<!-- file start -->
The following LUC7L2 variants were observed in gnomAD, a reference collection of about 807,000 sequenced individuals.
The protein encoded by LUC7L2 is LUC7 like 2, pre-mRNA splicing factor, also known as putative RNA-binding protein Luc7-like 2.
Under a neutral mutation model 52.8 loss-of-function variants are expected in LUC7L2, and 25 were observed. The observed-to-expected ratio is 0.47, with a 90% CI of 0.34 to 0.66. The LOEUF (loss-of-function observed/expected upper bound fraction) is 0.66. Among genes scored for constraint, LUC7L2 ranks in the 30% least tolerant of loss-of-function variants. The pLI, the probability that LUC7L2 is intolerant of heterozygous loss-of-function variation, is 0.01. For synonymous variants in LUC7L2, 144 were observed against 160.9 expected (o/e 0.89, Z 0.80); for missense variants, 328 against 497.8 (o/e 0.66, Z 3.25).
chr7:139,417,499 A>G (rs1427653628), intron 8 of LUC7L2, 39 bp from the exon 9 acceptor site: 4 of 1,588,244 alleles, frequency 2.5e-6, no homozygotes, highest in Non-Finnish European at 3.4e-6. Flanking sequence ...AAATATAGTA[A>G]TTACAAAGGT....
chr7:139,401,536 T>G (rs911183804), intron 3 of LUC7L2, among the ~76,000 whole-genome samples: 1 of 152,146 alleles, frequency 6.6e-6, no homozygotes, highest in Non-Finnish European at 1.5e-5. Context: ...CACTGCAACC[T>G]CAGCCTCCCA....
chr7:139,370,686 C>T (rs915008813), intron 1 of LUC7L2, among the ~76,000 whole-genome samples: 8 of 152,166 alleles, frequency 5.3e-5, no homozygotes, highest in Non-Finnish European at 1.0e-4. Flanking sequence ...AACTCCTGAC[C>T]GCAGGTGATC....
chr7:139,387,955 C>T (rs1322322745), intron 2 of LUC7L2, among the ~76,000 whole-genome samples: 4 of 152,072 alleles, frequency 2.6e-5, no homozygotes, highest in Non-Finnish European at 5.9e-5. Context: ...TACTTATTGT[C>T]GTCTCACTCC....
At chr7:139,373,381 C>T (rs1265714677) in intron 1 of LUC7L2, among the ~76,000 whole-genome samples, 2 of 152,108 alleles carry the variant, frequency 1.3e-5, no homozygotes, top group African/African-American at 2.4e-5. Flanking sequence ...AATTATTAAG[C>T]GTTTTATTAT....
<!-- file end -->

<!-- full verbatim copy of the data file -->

The following LUC7L2 variants were observed in gnomAD, a reference collection of about 807,000 sequenced individuals.
The protein encoded by LUC7L2 is LUC7 like 2, pre-mRNA splicing factor, also known as putative RNA-binding protein Luc7-like 2.
Under a neutral mutation model 52.8 loss-of-function variants are expected in LUC7L2, and 25 were observed. The observed-to-expected ratio is 0.47, with a 90% CI of 0.34 to 0.66. The LOEUF (loss-of-function observed/expected upper bound fraction) is 0.66. Among genes scored for constraint, LUC7L2 ranks in the 30% least tolerant of loss-of-function variants. The pLI, the probability that LUC7L2 is intolerant of heterozygous loss-of-function variation, is 0.01. For synonymous variants in LUC7L2, 144 were observed against 160.9 expected (o/e 0.89, Z 0.80); for missense variants, 328 against 497.8 (o/e 0.66, Z 3.25).
chr7:139,417,499 A>G (rs1427653628), intron 8 of LUC7L2, 39 bp from the exon 9 acceptor site: 4 of 1,588,244 alleles, frequency 2.5e-6, no homozygotes, highest in Non-Finnish European at 3.4e-6. Flanking sequence ...AAATATAGTA[A>G]TTACAAAGGT....
chr7:139,401,536 T>G (rs911183804), intron 3 of LUC7L2, among the ~76,000 whole-genome samples: 1 of 152,146 alleles, frequency 6.6e-6, no homozygotes, highest in Non-Finnish European at 1.5e-5. Context: ...CACTGCAACC[T>G]CAGCCTCCCA....
chr7:139,370,686 C>T (rs915008813), intron 1 of LUC7L2, among the ~76,000 whole-genome samples: 8 of 152,166 alleles, frequency 5.3e-5, no homozygotes, highest in Non-Finnish European at 1.0e-4. Flanking sequence ...AACTCCTGAC[C>T]GCAGGTGATC....
chr7:139,387,955 C>T (rs1322322745), intron 2 of LUC7L2, among the ~76,000 whole-genome samples: 4 of 152,072 alleles, frequency 2.6e-5, no homozygotes, highest in Non-Finnish European at 5.9e-5. Context: ...TACTTATTGT[C>T]GTCTCACTCC....
At chr7:139,373,381 C>T (rs1265714677) in intron 1 of LUC7L2, among the ~76,000 whole-genome samples, 2 of 152,108 alleles carry the variant, frequency 1.3e-5, no homozygotes, top group African/African-American at 2.4e-5. Flanking sequence ...AATTATTAAG[C>T]GTTTTATTAT....